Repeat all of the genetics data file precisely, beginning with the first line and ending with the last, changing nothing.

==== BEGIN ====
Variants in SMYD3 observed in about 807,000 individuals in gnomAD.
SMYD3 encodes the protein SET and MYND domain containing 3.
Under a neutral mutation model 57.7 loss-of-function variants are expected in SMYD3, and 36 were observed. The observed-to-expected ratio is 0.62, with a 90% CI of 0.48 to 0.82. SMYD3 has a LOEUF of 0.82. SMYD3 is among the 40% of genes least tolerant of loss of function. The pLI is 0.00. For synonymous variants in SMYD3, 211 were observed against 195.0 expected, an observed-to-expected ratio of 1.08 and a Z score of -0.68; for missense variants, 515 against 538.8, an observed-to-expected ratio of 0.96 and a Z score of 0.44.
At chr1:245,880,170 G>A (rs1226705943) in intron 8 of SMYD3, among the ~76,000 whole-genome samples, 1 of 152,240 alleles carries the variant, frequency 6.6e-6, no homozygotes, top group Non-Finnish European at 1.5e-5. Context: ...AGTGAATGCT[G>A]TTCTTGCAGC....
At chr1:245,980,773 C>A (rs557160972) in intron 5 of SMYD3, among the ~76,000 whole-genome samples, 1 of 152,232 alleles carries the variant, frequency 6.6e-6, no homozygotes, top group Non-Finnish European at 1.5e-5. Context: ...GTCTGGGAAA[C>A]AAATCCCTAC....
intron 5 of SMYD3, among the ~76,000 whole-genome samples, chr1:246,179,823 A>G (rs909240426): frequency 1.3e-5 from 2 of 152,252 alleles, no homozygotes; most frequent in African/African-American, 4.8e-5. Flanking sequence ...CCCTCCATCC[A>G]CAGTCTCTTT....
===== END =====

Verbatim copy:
Variants in SMYD3 observed in about 807,000 individuals in gnomAD.
SMYD3 encodes the protein SET and MYND domain containing 3.
Under a neutral mutation model 57.7 loss-of-function variants are expected in SMYD3, and 36 were observed. The observed-to-expected ratio is 0.62, with a 90% CI of 0.48 to 0.82. SMYD3 has a LOEUF of 0.82. SMYD3 is among the 40% of genes least tolerant of loss of function. The pLI is 0.00. For synonymous variants in SMYD3, 211 were observed against 195.0 expected, an observed-to-expected ratio of 1.08 and a Z score of -0.68; for missense variants, 515 against 538.8, an observed-to-expected ratio of 0.96 and a Z score of 0.44.
At chr1:245,880,170 G>A (rs1226705943) in intron 8 of SMYD3, among the ~76,000 whole-genome samples, 1 of 152,240 alleles carries the variant, frequency 6.6e-6, no homozygotes, top group Non-Finnish European at 1.5e-5. Context: ...AGTGAATGCT[G>A]TTCTTGCAGC....
At chr1:245,980,773 C>A (rs557160972) in intron 5 of SMYD3, among the ~76,000 whole-genome samples, 1 of 152,232 alleles carries the variant, frequency 6.6e-6, no homozygotes, top group Non-Finnish European at 1.5e-5. Context: ...GTCTGGGAAA[C>A]AAATCCCTAC....
intron 5 of SMYD3, among the ~76,000 whole-genome samples, chr1:246,179,823 A>G (rs909240426): frequency 1.3e-5 from 2 of 152,252 alleles, no homozygotes; most frequent in African/African-American, 4.8e-5. Flanking sequence ...CCCTCCATCC[A>G]CAGTCTCTTT....